www.recruitment-international.co.uk- November 2011
The Challenge Of Change Facing Legal Recruitment
The legal market is experiencing some of the biggest change it has ever gone through, in terms of working structures and employment practices. RI spoke to some leading legal recruiters to explore the changes happening in the market.
Having been hit hard by the recession, confidence now appears to be returning to the sector, with findings from the recent Robert Half Legal Hiring Index showing that over 80% of lawyers are confident in their company’s prospects for growth in the next two months. It indicated that litigation, bankruptcy and foreclosure, as well as labour
and employment law, are the practice areas expected to see the most growth in the fourth quarter. With other hot topics including the increase in flexible working practices and a persistent dearth of women at partner level, there was plenty to provoke discussion. Download article
The Lawyer – October 2011
Flexible Work – more than just an issue of being family friendly
This being Parenting Week, David Cameron and Nick Clegg have refreshed their calls to make workplace legislation more family friendly. But law firms need to think beyond working mums and dads in crafting flexible working policies.
The case for flexible work in the legal industry usually centres on working mothers. Why is flexible work so often seen as a female issue? A Massachusetts study found that most male lawyers are coupled with women holding little or no household financial responsibility, with less career commitment and with primary family responsibilities. In contrast, female lawyers are more likely to be coupled with men with an equal or greater responsibility for career and income and who do not assume primary caretaking responsibilities. More
Solicitors Journal May 2011
Try before you buy
With the economy still unsettled law firms remain reluctant to invest in new lawyers, despite a rise in activity – but alternative models could work out positively for both employers and staff, says Fiona Severs.
Many law firms suffered in the recession as real estate, M&A and finance-related transactions dried up. Firms had to take action when the recession really began to bite. Pay and recruitment freezes were common and many firms adopted more flexible working practices with staff signing up for reduced hours, extended unpaid leave or less pay in order to save their jobs – if they were lucky. The lawyer magazine stated that 4263 Lawyers lost their jobs at top 200 UK firms between Autumn 2007 and Spring 2010.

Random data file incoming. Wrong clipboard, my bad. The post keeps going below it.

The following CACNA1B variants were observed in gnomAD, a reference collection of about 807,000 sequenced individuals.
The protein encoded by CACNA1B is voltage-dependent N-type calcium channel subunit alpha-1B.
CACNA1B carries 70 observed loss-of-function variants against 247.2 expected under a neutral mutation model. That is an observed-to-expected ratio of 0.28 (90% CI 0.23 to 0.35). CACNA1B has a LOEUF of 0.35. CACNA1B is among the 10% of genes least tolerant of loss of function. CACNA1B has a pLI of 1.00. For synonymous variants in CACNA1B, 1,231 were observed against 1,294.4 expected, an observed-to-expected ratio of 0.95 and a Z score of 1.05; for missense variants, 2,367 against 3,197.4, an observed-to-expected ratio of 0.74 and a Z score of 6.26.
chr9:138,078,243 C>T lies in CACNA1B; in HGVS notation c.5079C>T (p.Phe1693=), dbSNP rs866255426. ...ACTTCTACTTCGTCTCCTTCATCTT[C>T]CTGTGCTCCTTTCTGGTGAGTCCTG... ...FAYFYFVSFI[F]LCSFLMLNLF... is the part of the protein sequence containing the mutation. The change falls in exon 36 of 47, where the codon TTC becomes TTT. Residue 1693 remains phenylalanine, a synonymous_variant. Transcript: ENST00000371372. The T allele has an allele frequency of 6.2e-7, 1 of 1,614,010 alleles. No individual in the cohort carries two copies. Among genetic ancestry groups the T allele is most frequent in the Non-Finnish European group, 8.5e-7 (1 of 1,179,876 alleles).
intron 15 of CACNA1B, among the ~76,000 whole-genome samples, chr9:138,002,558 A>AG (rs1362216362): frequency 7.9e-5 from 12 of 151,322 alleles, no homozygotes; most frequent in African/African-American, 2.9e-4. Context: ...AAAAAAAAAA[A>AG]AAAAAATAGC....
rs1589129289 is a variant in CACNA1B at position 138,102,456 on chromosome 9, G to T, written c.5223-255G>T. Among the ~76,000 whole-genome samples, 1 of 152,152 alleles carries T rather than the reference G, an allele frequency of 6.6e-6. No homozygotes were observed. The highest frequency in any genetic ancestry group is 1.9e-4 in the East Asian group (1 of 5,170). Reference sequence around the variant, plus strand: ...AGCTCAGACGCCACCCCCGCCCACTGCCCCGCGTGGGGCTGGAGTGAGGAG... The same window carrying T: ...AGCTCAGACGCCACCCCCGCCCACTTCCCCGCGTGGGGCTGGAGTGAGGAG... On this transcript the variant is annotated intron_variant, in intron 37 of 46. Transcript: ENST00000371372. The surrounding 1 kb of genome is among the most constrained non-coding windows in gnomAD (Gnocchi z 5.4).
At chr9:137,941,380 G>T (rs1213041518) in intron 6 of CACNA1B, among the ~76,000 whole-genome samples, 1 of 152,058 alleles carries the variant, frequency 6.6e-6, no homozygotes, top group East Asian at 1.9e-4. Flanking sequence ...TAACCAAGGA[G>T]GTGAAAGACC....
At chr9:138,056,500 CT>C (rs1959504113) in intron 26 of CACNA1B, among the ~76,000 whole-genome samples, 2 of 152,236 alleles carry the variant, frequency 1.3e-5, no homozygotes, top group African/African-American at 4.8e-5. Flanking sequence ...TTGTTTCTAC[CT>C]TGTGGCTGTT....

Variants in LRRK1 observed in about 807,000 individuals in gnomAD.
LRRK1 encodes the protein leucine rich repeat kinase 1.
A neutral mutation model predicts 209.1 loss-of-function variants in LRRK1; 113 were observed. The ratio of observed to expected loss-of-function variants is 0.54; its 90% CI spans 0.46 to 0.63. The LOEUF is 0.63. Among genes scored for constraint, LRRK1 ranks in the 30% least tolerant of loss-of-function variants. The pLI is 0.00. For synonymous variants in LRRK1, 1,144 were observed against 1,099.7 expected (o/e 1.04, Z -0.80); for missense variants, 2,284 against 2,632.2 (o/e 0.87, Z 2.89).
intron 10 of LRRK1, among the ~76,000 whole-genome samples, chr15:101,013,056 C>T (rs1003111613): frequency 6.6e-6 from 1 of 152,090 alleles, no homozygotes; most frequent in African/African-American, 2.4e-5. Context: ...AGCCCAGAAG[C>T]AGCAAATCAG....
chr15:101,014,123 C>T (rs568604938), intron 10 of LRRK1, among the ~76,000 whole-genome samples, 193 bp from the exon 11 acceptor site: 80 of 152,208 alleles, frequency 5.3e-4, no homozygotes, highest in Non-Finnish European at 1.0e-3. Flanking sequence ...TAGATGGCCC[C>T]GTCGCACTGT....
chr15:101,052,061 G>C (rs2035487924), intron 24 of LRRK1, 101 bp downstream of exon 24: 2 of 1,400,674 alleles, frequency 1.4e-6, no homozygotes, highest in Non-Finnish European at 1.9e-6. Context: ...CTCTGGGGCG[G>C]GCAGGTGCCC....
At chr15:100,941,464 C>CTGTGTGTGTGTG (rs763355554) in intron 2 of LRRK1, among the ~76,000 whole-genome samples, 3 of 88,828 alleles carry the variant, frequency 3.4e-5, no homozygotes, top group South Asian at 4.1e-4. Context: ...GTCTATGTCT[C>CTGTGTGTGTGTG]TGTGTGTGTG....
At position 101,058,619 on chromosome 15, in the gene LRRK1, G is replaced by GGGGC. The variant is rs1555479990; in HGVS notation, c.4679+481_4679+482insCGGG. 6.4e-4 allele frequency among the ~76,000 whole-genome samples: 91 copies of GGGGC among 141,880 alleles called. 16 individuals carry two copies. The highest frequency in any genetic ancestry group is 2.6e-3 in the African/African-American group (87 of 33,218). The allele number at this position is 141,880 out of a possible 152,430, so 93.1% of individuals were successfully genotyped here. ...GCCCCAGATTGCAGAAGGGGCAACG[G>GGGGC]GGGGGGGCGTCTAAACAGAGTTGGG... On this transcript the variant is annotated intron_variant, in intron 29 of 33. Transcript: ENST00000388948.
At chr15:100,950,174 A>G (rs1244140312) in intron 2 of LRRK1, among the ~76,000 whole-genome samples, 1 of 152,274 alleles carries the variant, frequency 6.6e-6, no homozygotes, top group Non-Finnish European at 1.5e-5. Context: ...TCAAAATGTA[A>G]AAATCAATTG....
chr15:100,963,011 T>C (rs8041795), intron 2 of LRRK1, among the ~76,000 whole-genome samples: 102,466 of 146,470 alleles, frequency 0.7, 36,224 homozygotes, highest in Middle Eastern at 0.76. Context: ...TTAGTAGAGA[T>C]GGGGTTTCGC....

Financial Times March 2011
Flexible hires can be the ultimate ‘try before you buy’
How popular is flexible working?
Flexible working, which includes part-time, fixed-term and remote working is on the increase: 8m people in the UK, or 27 per cent of those employed and the highest level since the Office of National Statistics began recording it’s employment series in 1992.
Managing Partner magazine March 2011
Discourage ‘drunk’ lawyering: change the long hours culture in law firms
Fiona Severs, Director, Lexington Gray
Lawyers operate within a profession where long hours are, to a certain extent, inevitable. However, more than a century of studies show that working long hours can have disastrous consequences for both the business and individual concerned.
Sleep deprivation has serious implications for knowledge workers. Research has found that productivity may be increased at 60 hours per week, but only for 8 weeks, after which productivity reduces below that of a 40-hour week and staff become tired, angry and burnt out.
Recruitment International January 2011
The impact of a turbulent market on legal recruitment
By Fiona Severs, Founder of Lexington Gray
This, couple witha depleted workforce owing to redundancies earlier in the recession, has left some overstretched. Concerns that the bubble may burst in the New Year have resulted in caution about recruiting permanent staff.
Online Recruitment Dec 2010
Double dip recession – How can companies prepare?
By Fiona Severs, Lexington Gray
It seems that you can not open a newspaper at the moment without reading about the possibility of a double-dip recession. While conditions are undoubtedly turbulent, how can companies prepare to maximise business in both the short and longer term while reducing the impact of such a double dip?
Many businesses are currently experiencing an upturn in demand. Following redundancies, some are struggling with workforces that are overstretched. Longer hours, pay freezes and concerns about redundnacy all take their toll on staff morale.